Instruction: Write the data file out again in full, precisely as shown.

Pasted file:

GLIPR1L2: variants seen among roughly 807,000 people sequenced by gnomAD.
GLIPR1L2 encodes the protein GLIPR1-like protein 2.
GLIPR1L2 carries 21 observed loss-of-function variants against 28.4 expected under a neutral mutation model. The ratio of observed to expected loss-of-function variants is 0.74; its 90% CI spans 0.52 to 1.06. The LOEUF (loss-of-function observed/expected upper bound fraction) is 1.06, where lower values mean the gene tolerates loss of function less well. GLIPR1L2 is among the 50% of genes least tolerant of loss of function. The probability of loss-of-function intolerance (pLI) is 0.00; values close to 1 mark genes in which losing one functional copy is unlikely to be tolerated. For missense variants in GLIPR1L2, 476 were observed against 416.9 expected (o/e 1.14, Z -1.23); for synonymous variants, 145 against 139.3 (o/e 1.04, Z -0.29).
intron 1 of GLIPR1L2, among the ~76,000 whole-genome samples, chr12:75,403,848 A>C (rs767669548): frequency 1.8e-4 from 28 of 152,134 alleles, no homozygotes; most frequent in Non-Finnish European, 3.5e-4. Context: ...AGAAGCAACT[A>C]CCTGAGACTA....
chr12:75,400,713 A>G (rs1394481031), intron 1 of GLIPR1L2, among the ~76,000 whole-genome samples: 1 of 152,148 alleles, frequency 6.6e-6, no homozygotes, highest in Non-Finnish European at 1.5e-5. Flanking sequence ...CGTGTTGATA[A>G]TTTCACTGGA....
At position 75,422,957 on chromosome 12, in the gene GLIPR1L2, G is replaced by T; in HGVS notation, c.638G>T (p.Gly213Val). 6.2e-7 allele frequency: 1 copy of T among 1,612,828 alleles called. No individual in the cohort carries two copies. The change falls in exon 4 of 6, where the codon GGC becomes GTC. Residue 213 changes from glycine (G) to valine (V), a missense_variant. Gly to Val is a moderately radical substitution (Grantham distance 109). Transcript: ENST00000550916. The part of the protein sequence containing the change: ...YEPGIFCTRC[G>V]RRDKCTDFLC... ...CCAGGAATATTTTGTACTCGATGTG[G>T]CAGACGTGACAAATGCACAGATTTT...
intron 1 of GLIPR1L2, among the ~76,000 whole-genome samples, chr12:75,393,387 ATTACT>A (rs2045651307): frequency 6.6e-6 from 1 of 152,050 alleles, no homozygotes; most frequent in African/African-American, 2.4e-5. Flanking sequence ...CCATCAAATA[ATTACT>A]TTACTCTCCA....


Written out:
GLIPR1L2: variants seen among roughly 807,000 people sequenced by gnomAD.
GLIPR1L2 encodes the protein GLIPR1-like protein 2.
GLIPR1L2 carries 21 observed loss-of-function variants against 28.4 expected under a neutral mutation model. The ratio of observed to expected loss-of-function variants is 0.74; its 90% CI spans 0.52 to 1.06. The LOEUF (loss-of-function observed/expected upper bound fraction) is 1.06, where lower values mean the gene tolerates loss of function less well. GLIPR1L2 is among the 50% of genes least tolerant of loss of function. The probability of loss-of-function intolerance (pLI) is 0.00; values close to 1 mark genes in which losing one functional copy is unlikely to be tolerated. For missense variants in GLIPR1L2, 476 were observed against 416.9 expected (o/e 1.14, Z -1.23); for synonymous variants, 145 against 139.3 (o/e 1.04, Z -0.29).
intron 1 of GLIPR1L2, among the ~76,000 whole-genome samples, chr12:75,403,848 A>C (rs767669548): frequency 1.8e-4 from 28 of 152,134 alleles, no homozygotes; most frequent in Non-Finnish European, 3.5e-4. Context: ...AGAAGCAACT[A>C]CCTGAGACTA....
chr12:75,400,713 A>G (rs1394481031), intron 1 of GLIPR1L2, among the ~76,000 whole-genome samples: 1 of 152,148 alleles, frequency 6.6e-6, no homozygotes, highest in Non-Finnish European at 1.5e-5. Flanking sequence ...CGTGTTGATA[A>G]TTTCACTGGA....
At position 75,422,957 on chromosome 12, in the gene GLIPR1L2, G is replaced by T; in HGVS notation, c.638G>T (p.Gly213Val). 6.2e-7 allele frequency: 1 copy of T among 1,612,828 alleles called. No individual in the cohort carries two copies. The change falls in exon 4 of 6, where the codon GGC becomes GTC. Residue 213 changes from glycine (G) to valine (V), a missense_variant. Gly to Val is a moderately radical substitution (Grantham distance 109). Transcript: ENST00000550916. The part of the protein sequence containing the change: ...YEPGIFCTRC[G>V]RRDKCTDFLC... ...CCAGGAATATTTTGTACTCGATGTG[G>T]CAGACGTGACAAATGCACAGATTTT...
intron 1 of GLIPR1L2, among the ~76,000 whole-genome samples, chr12:75,393,387 ATTACT>A (rs2045651307): frequency 6.6e-6 from 1 of 152,050 alleles, no homozygotes; most frequent in African/African-American, 2.4e-5. Flanking sequence ...CCATCAAATA[ATTACT>A]TTACTCTCCA....